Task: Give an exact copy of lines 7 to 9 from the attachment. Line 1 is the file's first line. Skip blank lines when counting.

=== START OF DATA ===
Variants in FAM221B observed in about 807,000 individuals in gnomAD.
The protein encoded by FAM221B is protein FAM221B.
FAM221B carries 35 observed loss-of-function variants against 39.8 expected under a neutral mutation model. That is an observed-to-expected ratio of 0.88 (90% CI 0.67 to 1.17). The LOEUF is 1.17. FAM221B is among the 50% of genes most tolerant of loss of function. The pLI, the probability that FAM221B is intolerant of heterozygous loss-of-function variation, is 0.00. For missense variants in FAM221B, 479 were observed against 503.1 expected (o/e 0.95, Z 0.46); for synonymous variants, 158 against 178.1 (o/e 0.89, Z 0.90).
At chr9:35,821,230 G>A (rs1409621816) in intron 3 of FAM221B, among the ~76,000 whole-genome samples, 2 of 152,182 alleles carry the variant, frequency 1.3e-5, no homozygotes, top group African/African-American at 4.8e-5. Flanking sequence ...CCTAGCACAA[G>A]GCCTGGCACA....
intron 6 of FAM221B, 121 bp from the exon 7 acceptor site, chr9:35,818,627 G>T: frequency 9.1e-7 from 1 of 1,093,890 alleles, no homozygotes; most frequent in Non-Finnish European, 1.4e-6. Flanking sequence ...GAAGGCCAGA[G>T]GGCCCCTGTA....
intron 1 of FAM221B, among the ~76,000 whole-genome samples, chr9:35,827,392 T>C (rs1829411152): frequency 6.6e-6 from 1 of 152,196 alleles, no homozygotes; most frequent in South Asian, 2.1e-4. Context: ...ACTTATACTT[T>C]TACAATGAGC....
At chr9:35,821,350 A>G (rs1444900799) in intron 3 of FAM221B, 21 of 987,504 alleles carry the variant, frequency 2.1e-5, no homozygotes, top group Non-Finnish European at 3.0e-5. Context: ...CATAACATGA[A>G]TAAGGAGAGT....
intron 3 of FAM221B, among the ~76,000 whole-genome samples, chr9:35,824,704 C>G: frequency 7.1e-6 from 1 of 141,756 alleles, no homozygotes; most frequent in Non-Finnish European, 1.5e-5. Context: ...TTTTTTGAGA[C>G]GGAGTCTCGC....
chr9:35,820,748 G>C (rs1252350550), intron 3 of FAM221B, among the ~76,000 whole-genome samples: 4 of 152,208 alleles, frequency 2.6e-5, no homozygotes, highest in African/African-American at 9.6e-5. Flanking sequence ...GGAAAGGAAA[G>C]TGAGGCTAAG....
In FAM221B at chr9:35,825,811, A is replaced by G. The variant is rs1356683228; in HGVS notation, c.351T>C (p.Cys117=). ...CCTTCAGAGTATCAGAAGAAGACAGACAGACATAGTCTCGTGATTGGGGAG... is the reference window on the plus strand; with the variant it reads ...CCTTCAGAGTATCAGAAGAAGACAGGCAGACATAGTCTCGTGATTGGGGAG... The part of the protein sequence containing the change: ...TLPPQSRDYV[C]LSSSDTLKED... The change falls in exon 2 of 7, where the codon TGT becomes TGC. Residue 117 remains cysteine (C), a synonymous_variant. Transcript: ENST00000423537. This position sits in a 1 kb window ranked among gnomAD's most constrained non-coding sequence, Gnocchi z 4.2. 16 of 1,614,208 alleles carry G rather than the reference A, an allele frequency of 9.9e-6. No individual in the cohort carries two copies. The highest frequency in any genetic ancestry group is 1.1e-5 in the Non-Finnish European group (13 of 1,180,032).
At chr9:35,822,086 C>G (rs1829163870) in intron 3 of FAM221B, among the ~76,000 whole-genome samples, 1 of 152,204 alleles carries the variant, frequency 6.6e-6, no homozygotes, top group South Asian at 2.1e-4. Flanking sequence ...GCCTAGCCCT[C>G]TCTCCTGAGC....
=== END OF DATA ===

At chr9:35,821,350 A>G (rs1444900799) in intron 3 of FAM221B, 21 of 987,504 alleles carry the variant, frequency 2.1e-5, no homozygotes, top group Non-Finnish European at 3.0e-5. Context: ...CATAACATGA[A>G]TAAGGAGAGT....
intron 3 of FAM221B, among the ~76,000 whole-genome samples, chr9:35,824,704 C>G: frequency 7.1e-6 from 1 of 141,756 alleles, no homozygotes; most frequent in Non-Finnish European, 1.5e-5. Context: ...TTTTTTGAGA[C>G]GGAGTCTCGC....
chr9:35,820,748 G>C (rs1252350550), intron 3 of FAM221B, among the ~76,000 whole-genome samples: 4 of 152,208 alleles, frequency 2.6e-5, no homozygotes, highest in African/African-American at 9.6e-5. Flanking sequence ...GGAAAGGAAA[G>C]TGAGGCTAAG....